A focus on a project : Autonomous bathymetric surveys
Six robotics and hydrography students in Guerlédan aim to map the seabed of the lake using an autonomous surface drone: we call that a bathymetric survey.
Bathymetry is the science of measuring the depths and relief of the ocean to determine the topography of the sea floor. ENSTA students have a companion named Ulysses: a semi-autonomous catamaran developed jointly by Texys Marine, a company manufacturing surface drones and sensors, and ENSTA Bretagne.
Currently, no device can carry out a bathymetric survey in complete autonomy. Instead, survey boats are brought back to the lab to check the results. In case of an inconsistency, or in case of an error, scientists have to repeat the entire mission. Our team’s main objective is to develop algorithms that allow Ulysses to carry out a mission in complete autonomy, that is to topographically map the seabed. For this purpose, Ulysses will be equipped with a multi-beam sounder – a type of sonar that is used to map the seabed -, a GPS and an inertial unit – an electronic device that measures a body’s specific force and its orientation. In addition, it must be able to perform real-time data quality control, which will indicate where it will have to come back to for additional surveys.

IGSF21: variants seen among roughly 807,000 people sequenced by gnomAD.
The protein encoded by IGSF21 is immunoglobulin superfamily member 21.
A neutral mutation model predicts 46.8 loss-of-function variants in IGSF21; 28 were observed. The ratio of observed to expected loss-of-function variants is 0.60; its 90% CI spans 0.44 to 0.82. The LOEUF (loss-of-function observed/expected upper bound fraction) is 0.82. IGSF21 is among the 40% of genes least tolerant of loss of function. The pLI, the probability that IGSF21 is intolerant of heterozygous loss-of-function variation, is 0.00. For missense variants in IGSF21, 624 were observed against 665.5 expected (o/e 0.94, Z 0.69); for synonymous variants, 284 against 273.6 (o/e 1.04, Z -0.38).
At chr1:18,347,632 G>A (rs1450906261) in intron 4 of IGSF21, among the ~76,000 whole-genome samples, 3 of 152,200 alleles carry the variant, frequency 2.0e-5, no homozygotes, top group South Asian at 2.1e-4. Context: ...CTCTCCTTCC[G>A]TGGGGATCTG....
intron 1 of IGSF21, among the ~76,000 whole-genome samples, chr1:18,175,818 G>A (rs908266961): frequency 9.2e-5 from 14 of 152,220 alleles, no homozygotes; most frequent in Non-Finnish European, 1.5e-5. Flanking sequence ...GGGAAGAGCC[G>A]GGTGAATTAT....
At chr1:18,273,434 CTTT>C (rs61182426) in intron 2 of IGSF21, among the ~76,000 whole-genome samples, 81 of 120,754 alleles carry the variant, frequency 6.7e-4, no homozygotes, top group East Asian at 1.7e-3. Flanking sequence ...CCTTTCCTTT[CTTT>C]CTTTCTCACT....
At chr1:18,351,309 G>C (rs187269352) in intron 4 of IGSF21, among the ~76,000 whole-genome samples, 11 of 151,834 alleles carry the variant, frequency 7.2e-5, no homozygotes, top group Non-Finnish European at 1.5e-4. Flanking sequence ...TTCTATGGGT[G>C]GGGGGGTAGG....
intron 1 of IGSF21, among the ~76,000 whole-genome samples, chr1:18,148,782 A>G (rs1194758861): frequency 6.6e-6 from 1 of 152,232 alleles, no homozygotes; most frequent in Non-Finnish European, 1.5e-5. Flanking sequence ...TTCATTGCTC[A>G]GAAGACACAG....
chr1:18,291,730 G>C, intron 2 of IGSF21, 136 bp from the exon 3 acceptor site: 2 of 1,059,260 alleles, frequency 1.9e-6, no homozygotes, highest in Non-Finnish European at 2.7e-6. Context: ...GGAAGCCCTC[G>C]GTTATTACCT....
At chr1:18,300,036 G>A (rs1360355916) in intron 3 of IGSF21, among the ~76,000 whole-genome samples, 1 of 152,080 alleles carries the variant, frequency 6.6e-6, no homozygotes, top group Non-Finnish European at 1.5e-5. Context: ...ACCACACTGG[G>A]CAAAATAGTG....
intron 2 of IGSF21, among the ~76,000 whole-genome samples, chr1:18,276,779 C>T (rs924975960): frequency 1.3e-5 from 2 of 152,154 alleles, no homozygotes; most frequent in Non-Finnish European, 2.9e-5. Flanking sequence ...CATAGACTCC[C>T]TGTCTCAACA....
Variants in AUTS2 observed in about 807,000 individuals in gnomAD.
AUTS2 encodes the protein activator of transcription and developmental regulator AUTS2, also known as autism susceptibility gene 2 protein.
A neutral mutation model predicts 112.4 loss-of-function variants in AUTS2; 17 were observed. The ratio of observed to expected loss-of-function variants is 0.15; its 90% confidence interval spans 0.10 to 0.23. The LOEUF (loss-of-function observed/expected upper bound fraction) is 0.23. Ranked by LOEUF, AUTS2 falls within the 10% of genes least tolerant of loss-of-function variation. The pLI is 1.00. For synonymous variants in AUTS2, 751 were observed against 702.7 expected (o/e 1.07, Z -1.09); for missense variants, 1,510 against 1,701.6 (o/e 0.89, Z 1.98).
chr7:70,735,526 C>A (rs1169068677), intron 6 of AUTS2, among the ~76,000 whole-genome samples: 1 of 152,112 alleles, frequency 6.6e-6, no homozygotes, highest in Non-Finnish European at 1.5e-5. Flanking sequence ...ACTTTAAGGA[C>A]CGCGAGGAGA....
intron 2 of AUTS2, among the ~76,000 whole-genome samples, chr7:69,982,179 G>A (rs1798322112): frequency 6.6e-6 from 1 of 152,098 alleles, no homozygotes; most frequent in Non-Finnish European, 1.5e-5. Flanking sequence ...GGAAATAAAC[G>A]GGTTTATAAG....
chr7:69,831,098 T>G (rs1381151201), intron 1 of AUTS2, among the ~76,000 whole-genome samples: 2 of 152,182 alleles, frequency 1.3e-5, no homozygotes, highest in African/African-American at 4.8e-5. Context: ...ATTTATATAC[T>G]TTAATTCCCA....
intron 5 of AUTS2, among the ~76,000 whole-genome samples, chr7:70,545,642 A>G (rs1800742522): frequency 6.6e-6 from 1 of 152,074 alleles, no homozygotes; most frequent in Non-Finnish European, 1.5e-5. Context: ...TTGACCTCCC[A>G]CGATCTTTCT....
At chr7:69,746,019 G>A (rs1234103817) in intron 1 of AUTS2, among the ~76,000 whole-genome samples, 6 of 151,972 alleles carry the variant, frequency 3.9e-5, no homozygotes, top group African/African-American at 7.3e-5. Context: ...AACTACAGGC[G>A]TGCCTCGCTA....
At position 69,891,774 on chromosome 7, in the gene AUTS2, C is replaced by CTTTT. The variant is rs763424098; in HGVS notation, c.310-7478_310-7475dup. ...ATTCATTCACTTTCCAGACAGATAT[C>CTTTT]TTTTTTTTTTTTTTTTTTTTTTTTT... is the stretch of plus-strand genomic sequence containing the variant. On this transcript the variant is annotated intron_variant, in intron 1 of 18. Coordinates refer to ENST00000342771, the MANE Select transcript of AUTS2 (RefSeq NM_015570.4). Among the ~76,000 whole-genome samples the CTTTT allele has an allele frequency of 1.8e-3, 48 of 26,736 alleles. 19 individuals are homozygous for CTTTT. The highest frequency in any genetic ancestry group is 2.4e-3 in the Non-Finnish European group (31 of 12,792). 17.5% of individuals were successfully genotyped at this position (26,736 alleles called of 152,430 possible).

This project is at the crossroads between two different fields: Robotics and Hydrography. On one hand, a lot of middleware – interfaces between software and hardware – are used, such as ROS (Robot Operating System). On the other hand, in hydrography, most software are under Windows. Managing communication between these two worlds is a real ordeal for our engineers!